Hanging in the Louvre: End of the Middle East's Leonardo da Vinci mystery?

Hanging in the Louvre: End of the Middle East's Leonardo da Vinci mystery?
Abu Dhabi has purchased a Leonardo da Vinci masterpiece, which the UAE and Saudi Arabia will hope end rumours Mohammed bin Salman purchased the $500 million painting.
2 min read
09 December, 2017
Louvre will display the Da Vinci masterpiece [Getty]
A mystery centred on a Leonardo Da Vinci masterpiece that enthralled the Middle East art community this week appears to be solved, after the Abu Dhabi's department of culture announced it was the secret buyer of the painting.

Salvator Mundi was sold in auction for a record $450 million last month and will become the centrepiece of the newly opened Louvre Abu Dhabi.

The news that Abu Dhabi and not Saudi Arabia were behind the sale was confirmed by UAE Minister of Culture Noura al-Kaabi  in a tweet.

News that the Da Vinci artwork was snapped up by a mystery telephone buyer last month sent the art world and media into a frenzy, as journalists tried to figure out who was behind the sale of the century.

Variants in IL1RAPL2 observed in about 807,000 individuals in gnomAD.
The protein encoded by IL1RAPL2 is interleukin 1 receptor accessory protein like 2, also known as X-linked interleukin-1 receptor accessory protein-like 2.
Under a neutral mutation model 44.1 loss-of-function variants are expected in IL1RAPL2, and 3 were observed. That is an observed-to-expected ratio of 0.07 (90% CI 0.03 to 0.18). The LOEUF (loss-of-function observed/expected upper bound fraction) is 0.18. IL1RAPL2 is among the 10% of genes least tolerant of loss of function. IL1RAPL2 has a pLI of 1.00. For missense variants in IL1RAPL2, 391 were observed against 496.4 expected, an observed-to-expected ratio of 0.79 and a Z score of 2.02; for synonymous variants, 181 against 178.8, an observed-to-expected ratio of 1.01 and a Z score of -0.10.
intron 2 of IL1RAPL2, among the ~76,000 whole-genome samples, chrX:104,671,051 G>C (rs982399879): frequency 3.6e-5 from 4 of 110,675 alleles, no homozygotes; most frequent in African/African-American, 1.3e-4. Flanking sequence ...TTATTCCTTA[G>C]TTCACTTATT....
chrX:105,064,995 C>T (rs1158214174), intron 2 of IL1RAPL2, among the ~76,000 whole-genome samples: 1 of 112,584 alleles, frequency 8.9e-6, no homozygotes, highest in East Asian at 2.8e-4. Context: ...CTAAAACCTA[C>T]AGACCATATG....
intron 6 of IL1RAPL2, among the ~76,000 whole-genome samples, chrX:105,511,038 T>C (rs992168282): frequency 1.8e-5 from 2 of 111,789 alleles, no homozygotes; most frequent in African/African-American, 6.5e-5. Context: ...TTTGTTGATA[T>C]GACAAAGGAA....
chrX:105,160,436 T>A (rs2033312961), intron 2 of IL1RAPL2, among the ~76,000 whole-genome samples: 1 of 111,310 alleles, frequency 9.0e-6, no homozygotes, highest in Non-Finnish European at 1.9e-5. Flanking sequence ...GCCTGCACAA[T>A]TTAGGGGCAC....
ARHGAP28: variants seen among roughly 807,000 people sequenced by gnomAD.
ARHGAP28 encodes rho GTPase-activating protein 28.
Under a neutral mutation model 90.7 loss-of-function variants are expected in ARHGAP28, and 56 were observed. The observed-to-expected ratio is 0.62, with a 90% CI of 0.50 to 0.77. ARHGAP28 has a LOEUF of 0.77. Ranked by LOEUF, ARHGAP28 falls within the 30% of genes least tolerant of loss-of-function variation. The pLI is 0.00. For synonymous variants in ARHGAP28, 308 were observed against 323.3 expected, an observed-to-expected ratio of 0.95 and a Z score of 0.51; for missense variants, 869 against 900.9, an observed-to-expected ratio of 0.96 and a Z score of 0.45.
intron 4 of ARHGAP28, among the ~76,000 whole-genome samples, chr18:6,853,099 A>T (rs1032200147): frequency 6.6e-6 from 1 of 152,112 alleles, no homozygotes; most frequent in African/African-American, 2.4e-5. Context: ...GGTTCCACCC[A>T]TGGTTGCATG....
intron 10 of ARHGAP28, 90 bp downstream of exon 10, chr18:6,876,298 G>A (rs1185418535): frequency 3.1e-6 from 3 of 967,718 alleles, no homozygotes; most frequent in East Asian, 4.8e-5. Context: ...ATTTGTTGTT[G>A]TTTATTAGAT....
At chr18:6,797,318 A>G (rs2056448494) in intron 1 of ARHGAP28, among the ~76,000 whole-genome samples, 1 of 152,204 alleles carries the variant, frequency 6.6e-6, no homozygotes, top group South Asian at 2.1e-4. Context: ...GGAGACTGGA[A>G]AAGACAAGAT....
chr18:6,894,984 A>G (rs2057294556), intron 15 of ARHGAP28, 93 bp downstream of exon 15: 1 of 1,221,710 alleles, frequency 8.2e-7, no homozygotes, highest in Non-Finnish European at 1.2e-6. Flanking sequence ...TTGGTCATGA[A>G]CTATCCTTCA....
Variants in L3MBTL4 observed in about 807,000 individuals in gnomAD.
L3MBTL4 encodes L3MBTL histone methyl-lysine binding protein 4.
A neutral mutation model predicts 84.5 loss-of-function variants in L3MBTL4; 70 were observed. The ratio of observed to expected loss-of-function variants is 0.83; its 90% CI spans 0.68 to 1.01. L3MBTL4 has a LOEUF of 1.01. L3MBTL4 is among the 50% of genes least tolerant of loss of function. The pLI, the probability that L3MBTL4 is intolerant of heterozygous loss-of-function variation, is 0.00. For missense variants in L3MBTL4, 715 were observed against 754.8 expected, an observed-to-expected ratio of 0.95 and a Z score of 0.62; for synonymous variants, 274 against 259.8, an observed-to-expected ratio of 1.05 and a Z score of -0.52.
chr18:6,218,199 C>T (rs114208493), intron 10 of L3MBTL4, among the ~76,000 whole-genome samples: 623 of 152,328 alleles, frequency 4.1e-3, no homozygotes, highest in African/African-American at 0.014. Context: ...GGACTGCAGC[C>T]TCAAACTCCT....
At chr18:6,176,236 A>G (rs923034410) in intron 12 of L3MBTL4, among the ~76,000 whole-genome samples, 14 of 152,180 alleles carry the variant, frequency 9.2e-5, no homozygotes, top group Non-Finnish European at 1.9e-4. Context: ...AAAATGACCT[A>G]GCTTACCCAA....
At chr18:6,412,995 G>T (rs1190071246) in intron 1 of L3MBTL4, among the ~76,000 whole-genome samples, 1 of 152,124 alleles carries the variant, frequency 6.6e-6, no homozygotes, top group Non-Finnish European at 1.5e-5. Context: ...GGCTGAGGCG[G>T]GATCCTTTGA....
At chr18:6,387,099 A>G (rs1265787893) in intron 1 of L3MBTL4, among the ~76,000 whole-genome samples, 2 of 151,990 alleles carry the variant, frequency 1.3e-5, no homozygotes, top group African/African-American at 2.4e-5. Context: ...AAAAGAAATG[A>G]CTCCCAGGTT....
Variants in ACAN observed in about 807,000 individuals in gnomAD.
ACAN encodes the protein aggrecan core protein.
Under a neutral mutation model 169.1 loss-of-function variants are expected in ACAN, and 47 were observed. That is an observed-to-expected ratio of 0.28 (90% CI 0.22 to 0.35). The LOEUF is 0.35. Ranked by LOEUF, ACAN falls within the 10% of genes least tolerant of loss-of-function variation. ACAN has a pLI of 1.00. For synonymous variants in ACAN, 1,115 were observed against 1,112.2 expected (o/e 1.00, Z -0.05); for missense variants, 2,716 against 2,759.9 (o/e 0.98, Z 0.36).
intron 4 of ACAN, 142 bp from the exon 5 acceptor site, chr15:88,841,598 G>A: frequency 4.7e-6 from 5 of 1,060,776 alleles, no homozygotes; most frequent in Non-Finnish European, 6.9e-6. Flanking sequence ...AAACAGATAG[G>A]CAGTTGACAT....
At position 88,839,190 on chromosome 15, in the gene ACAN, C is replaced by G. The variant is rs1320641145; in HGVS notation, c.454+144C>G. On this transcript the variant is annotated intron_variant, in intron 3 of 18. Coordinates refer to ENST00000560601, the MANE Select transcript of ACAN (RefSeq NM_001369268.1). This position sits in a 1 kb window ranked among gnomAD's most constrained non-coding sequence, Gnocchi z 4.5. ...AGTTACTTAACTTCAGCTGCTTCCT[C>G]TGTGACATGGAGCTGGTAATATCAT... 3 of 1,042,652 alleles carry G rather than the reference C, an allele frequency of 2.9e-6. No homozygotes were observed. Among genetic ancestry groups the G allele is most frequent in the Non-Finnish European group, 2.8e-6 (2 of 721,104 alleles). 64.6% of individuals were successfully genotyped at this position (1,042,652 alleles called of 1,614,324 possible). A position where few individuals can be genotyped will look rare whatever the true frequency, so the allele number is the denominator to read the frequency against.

A little known Saudi Prince Badr bin Abdullah al-Saud was named as the buyer in the report by media who was later linked to Crown Prince Mohammed bin Salman.

Later it was reported by the New York Times and Wall Street Journal that "US intelligence" indicated it was in fact bin Salman who bought the piece using Badr as an middle man.

That theory was put to bed when Abu Dhabi confirmed it acquired the painting although some outlets insist Saudi Arabia gifted it to close ally, the UAE.

"Christie's can confirm that the department of culture and tourism, Abu Dhabi, is acquiring Salvator Mundi by Leonardo da Vinci," the auction house said in a statement on Friday. 

"We are delighted to see that this remarkable painting will be available for public view at the Louvre Abu Dhabi."

Louvre Abu Dhabi opened after years of delays in October, but the project was marred with accusations by human rights groups that workers constructing the gallery were treated as "modern day slaves".

This led to an embarrassing boycott for Abu Dhabi by 120 of the world's leading artists.